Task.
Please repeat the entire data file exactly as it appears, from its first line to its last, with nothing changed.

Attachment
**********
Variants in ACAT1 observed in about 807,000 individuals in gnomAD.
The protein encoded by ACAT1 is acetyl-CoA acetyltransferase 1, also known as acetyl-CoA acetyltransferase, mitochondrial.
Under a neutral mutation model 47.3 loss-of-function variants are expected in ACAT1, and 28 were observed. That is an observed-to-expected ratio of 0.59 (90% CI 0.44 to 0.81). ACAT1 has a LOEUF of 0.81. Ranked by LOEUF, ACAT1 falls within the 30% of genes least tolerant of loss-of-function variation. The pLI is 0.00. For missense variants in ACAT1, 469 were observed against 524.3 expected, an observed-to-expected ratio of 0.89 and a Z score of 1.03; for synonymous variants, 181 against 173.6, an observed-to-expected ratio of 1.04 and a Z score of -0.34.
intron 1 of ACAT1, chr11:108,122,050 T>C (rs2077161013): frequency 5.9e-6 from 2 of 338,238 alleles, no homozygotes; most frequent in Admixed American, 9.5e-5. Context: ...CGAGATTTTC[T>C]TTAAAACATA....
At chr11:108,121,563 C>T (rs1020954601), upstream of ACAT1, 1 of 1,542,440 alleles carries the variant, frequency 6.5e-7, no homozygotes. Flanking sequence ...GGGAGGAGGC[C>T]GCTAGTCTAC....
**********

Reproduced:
Variants in ACAT1 observed in about 807,000 individuals in gnomAD.
The protein encoded by ACAT1 is acetyl-CoA acetyltransferase 1, also known as acetyl-CoA acetyltransferase, mitochondrial.
Under a neutral mutation model 47.3 loss-of-function variants are expected in ACAT1, and 28 were observed. That is an observed-to-expected ratio of 0.59 (90% CI 0.44 to 0.81). ACAT1 has a LOEUF of 0.81. Ranked by LOEUF, ACAT1 falls within the 30% of genes least tolerant of loss-of-function variation. The pLI is 0.00. For missense variants in ACAT1, 469 were observed against 524.3 expected, an observed-to-expected ratio of 0.89 and a Z score of 1.03; for synonymous variants, 181 against 173.6, an observed-to-expected ratio of 1.04 and a Z score of -0.34.
intron 1 of ACAT1, chr11:108,122,050 T>C (rs2077161013): frequency 5.9e-6 from 2 of 338,238 alleles, no homozygotes; most frequent in Admixed American, 9.5e-5. Context: ...CGAGATTTTC[T>C]TTAAAACATA....
At chr11:108,121,563 C>T (rs1020954601), upstream of ACAT1, 1 of 1,542,440 alleles carries the variant, frequency 6.5e-7, no homozygotes. Flanking sequence ...GGGAGGAGGC[C>T]GCTAGTCTAC....